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WASHINGTON - Kyle Sampson had a hand in shaping some of the Bush administration's most ambitious and contentious policies, such as terrorism surveillance, prisoner detention and picking Supreme Court justices.
The Utah native spent the past several years beside the attorney general, first as a top aide to John Ashcroft, then at Alberto Gonzales' right hand.
This week, that hand pointed the finger at Sampson, blaming him for coordinating the purge of eight U.S. attorneys and not sharing details of the plan with those testifying before Congress.
Sampson resigned as chief of staff, but the man who made his career as a behind-the-scenes operator is facing congressional scrutiny and has been cast as everything from fall guy to political hit man.
"I think Kyle Sampson has been wronged," said former Justice Department spokesman Mark Corallo, who worked with Sampson. "People like Kyle Sampson, who were simply doing their job in an ethical and honorable way, are now being smeared. He did nothing wrong. He did his job exactly as he should."
Democrats in Congress are skeptical and are vowing a full inquiry. The president is sending Gonzales to fix the mess as some senators, including two Republicans, call for the attorney general's resignation.
Born in Cedar City, Sampson served a mission for The Church of Jesus Christ of Latter-day Saints among Hmong refugees who had emigrated from Laos to Minnesota, then graduated from Brigham Young University and the University of Chicago law school. He clerked for 4th Circuit Appeals Judge Karen J. Williams, where he showed an outstanding legal mind, said Sheldon Bradshaw, a fellow BYU graduate, law clerk and later a deputy assistant attorney general.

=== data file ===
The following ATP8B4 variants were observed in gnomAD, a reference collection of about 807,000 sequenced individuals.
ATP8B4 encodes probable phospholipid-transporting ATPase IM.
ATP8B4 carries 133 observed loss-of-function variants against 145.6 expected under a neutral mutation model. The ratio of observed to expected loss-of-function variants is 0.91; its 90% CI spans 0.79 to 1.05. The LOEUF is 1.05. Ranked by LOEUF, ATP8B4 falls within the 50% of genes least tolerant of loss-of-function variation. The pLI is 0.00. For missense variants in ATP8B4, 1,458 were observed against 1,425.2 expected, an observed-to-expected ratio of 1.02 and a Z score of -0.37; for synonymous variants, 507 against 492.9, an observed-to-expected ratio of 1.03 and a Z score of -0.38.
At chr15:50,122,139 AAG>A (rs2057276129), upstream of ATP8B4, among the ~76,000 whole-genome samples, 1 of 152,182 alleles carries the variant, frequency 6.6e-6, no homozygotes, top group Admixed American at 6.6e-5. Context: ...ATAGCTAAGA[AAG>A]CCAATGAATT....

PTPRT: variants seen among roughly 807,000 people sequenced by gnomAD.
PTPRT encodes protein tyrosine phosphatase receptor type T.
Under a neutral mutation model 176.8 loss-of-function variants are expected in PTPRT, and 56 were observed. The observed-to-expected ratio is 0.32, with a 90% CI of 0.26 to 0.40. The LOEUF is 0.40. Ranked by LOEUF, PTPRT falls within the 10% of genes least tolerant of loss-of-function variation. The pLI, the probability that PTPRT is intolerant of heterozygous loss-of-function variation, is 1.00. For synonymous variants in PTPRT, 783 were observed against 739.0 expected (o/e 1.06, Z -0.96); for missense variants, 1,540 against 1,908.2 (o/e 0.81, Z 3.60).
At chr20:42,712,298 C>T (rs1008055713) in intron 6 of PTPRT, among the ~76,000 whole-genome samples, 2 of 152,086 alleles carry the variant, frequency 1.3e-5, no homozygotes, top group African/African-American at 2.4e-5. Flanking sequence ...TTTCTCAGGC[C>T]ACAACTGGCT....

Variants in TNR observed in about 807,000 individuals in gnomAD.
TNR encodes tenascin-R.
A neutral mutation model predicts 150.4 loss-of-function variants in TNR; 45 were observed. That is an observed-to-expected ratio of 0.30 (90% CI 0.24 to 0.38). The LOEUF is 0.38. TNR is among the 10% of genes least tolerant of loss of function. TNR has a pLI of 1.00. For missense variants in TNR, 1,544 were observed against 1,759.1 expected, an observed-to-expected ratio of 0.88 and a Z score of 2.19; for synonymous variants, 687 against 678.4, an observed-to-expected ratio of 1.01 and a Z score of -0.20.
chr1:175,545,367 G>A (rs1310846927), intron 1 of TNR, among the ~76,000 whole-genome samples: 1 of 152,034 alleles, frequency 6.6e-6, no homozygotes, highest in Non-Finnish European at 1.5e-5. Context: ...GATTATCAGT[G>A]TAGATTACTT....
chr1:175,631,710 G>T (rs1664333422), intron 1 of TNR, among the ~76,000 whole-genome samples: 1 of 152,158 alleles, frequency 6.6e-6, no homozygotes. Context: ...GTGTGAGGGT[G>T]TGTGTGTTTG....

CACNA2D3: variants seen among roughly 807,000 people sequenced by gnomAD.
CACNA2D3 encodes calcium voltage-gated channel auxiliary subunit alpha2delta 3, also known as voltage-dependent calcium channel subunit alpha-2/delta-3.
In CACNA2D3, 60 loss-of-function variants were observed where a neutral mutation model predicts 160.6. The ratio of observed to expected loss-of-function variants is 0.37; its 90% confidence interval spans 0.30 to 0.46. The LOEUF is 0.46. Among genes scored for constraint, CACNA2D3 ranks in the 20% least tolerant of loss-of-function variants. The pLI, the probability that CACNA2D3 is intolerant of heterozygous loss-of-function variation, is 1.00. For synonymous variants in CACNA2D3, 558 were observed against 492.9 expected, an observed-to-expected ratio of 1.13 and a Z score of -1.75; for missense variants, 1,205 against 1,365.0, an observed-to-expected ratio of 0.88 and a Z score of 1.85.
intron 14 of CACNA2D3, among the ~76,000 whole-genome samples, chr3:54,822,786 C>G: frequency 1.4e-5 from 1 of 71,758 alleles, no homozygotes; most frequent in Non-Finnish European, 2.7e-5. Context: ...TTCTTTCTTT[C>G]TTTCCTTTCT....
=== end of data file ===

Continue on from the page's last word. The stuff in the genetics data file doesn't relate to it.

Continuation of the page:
"From the very first time I met Kyle it was obvious that he was a very gifted person who was a phenomenal writer, very quick, very bright, and all of that coupled with being humble, but he was very sure of himself," said Bradshaw, now counsel at the Food and Drug Administration. Bradshaw also serves as first counselor to Sampson, bishop in his LDS ward.
Sampson practiced law in Salt Lake City until 1999, when his former law professor, Michael McConnell, urged him to go to work on the Judiciary Committee under Sen. Orrin Hatch.
"I enjoyed practicing law but always liked policy and politics, and it was an opportunity to work for my home-state senator on the Judiciary Committee," Sampson told The Tribune in a 2005 interview. "So we thought, 'What the heck. We love Salt Lake, but we'll go out for a year or two for a sabbatical to Washington.' "
D.C. stuck, and he still lives in northern Virginia with his wife, Noelle, and their three children.
After the 2000 election, Sampson was encouraged by his law school friend Elizabeth Cheney, the vice president's daughter, to join the White House and screen the flood of job-seekers. Sampson's friend Taylor Oldroyd, now with the Agriculture Department, told a BYU alumni magazine that Sampson was the reason he and numerous other Cougars had spots in the administration.
Sampson became an associate counsel under Gonzales, the White House counsel at the time. Among his first tasks was to help rush together a list of potential Supreme Court nominees by June 2001, Brad Berenson, an associate counsel in Bush's first term, said in a 2005 interview with The Tribune.
"The experience of having been so close to the center of power for so long hasn't jaded him or made him unduly impressed with himself," Berenson said. "But underneath that gentle and approachable exterior is a tremendously sharp mind and shrewd political talent."
Sampson now has hired Berenson as his attorney.
Sampson moved to the Justice Department in 2003 as a top aide to Ashcroft. In 2005, Sampson told of long talks he had with Ashcroft while traveling.
"Some people think you should never talk about religion and politics in conversation and, like me, General Ashcroft thinks those are the two most interesting things to talk about," said Sampson. "So that's what we talk about, doctrinal things. What's your belief in God? What about mercy and justice?"